We need to be setting an example for future publishers—to strive for imperative community-building values that promote action and advocacy. If we’re not giving back to the communities that allow us to thrive, exciting children about books, helping provide them with the resources they need, promoting literacy, and, more importantly, giving them characters they can connect to on a deep and personal level and live their lives by—then what are we doing?
Empathy is not so much feeling something about a character, but feeling something with a character. It is not only being sorry for a character when they struggle and happy when they succeed—it’s about the reader experiencing those trials and victories as if they were their own. And when those trials and victories are rooted in immediate real-world issues, there’s more at stake than well-written characterization.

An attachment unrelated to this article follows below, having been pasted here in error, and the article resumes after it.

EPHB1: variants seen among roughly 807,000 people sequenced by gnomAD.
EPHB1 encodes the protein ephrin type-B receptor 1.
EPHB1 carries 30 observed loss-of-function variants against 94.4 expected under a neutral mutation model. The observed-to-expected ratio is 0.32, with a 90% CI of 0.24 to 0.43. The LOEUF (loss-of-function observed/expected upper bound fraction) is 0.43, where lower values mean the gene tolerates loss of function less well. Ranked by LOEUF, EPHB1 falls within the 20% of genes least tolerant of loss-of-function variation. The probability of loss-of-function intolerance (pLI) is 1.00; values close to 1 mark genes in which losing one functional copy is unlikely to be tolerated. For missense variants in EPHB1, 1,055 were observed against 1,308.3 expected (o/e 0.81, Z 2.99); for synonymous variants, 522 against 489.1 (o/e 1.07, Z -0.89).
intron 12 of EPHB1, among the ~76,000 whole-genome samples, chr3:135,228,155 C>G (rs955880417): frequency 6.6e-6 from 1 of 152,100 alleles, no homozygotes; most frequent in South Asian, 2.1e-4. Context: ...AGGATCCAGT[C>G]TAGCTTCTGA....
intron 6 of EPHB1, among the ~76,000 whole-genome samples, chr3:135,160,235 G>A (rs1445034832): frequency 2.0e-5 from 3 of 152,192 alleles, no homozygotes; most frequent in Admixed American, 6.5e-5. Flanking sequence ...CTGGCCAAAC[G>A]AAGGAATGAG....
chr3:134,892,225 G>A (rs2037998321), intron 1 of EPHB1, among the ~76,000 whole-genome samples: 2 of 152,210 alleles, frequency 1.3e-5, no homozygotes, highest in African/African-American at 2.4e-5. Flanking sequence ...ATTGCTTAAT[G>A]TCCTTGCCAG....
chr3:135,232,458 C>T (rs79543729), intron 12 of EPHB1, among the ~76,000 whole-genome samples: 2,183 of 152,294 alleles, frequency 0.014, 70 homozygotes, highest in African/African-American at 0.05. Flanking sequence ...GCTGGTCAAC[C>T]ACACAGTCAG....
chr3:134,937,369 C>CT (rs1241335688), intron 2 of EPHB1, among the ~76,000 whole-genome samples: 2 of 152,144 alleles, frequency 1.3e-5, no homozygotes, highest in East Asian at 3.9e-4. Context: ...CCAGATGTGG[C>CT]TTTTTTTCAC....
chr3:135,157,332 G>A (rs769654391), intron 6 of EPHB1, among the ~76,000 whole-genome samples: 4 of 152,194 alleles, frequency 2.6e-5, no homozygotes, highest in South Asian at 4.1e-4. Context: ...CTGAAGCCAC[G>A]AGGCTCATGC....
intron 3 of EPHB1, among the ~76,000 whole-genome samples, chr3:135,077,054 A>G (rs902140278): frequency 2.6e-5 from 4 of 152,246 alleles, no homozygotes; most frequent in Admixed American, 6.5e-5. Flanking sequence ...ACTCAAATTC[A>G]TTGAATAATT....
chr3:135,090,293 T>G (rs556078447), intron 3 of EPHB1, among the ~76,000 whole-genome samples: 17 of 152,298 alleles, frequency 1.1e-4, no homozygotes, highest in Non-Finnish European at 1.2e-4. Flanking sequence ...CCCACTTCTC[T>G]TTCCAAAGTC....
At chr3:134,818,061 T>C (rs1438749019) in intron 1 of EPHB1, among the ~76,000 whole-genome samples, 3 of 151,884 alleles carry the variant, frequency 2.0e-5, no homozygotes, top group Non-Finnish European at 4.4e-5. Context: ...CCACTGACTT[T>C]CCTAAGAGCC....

Connie King Leonard is the author of Sleeping in My Jeans, a YA novel about a teen girl who has to live out of her car with her mother and young sister. I had the pleasure of sitting down with Connie to discuss what inspired her to write a book about being homeless, what message she hopes it will send, and the unique protagonist at the center of it all—Mattie Rollins.
Interview with Eliot Treichel by Miranda Rabuck Ooligan’s innovative Start to Finish pages, which document a book’s progress from its acquisition to its launch, are valuable to our authors because they give them a behind-the-scenes look at the development of their books. Since many authors think of their books as their babies, the blogging that […]